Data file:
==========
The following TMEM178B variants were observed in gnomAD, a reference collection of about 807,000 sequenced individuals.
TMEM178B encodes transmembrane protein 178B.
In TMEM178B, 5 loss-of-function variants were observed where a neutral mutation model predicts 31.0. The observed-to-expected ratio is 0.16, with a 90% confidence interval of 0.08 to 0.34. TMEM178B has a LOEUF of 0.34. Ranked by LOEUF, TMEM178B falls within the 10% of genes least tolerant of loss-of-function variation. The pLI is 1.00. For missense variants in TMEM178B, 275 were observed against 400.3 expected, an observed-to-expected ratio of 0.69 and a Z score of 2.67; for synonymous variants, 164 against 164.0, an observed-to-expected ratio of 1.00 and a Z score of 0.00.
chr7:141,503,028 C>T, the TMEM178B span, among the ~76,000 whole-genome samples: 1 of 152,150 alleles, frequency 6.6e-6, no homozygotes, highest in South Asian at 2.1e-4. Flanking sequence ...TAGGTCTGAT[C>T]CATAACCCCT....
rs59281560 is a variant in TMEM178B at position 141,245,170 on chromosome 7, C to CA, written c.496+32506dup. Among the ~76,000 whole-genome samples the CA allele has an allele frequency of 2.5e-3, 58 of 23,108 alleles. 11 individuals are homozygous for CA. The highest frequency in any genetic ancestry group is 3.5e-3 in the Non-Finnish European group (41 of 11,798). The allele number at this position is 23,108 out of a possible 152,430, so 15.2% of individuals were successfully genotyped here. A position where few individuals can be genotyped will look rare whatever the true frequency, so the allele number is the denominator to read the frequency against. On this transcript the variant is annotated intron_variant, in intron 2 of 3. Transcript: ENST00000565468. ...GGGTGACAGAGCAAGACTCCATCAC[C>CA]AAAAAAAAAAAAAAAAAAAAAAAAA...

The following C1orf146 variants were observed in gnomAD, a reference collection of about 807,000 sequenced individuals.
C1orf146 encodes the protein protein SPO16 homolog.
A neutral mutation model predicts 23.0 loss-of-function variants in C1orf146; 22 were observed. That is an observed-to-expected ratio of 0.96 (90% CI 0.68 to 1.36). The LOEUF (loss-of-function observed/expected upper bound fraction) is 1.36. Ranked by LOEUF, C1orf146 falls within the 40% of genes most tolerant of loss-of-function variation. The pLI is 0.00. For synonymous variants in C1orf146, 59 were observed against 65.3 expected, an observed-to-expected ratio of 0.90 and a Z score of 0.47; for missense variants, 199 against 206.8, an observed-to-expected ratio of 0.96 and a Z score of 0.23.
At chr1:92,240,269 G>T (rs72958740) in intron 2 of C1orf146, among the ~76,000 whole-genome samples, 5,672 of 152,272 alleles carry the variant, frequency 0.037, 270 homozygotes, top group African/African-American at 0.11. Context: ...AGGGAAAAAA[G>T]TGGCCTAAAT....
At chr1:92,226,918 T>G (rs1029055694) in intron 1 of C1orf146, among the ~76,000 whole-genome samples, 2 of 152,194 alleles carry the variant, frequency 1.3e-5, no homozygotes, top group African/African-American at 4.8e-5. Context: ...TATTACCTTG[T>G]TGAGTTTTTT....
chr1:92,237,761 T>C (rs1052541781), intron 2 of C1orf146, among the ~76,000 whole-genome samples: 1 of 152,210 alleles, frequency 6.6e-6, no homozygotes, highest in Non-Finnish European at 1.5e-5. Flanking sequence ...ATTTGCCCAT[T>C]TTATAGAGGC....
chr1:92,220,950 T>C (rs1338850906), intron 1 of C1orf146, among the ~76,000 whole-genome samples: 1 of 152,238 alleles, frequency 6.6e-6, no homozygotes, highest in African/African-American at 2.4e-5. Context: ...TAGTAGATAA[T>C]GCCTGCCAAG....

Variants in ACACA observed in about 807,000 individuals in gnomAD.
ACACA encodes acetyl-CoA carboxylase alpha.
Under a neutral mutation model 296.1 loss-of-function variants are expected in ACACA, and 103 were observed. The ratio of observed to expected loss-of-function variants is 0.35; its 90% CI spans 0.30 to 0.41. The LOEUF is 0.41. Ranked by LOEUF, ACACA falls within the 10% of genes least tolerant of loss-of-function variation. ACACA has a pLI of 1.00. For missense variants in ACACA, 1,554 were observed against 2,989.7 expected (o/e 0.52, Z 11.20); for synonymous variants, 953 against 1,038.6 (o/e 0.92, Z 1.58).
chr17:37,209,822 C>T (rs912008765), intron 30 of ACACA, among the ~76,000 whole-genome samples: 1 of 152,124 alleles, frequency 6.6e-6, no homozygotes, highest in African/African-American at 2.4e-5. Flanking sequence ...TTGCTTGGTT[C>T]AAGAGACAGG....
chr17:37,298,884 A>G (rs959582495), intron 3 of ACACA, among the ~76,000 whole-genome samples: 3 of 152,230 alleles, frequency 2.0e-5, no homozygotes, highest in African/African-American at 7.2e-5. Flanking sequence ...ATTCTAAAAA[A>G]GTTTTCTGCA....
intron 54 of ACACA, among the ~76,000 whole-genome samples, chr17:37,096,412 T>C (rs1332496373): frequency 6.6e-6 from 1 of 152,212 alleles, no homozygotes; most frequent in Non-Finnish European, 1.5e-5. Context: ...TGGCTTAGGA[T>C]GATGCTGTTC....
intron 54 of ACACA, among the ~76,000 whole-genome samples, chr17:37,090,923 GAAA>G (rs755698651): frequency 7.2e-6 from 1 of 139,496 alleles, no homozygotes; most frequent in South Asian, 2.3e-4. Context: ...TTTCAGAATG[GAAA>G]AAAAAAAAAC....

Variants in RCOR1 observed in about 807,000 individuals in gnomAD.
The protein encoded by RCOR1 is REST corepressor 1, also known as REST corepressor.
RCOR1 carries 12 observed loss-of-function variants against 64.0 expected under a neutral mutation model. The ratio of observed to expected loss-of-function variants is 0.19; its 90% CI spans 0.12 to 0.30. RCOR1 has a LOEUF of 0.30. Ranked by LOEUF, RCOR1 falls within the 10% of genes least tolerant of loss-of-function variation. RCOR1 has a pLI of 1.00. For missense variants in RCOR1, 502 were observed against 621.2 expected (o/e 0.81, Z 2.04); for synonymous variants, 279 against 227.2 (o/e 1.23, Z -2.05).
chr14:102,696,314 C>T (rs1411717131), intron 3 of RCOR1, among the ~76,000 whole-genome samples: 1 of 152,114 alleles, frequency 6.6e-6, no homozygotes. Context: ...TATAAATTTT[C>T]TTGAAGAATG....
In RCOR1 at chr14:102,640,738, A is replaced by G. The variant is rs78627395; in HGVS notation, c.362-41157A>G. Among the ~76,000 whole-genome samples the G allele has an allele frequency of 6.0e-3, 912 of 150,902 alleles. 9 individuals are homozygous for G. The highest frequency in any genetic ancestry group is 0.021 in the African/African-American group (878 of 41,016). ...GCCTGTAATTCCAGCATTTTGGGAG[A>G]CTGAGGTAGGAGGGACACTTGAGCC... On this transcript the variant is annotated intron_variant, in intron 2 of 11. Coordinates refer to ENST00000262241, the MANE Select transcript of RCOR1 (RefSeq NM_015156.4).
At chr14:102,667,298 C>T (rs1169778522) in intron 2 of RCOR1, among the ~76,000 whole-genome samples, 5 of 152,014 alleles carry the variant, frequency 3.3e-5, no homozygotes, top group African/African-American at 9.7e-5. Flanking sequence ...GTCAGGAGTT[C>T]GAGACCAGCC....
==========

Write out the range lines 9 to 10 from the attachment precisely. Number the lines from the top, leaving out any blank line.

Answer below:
At chr1:92,240,269 G>T (rs72958740) in intron 2 of C1orf146, among the ~76,000 whole-genome samples, 5,672 of 152,272 alleles carry the variant, frequency 0.037, 270 homozygotes, top group African/African-American at 0.11. Context: ...AGGGAAAAAA[G>T]TGGCCTAAAT....
At chr1:92,226,918 T>G (rs1029055694) in intron 1 of C1orf146, among the ~76,000 whole-genome samples, 2 of 152,194 alleles carry the variant, frequency 1.3e-5, no homozygotes, top group African/African-American at 4.8e-5. Context: ...TATTACCTTG[T>G]TGAGTTTTTT....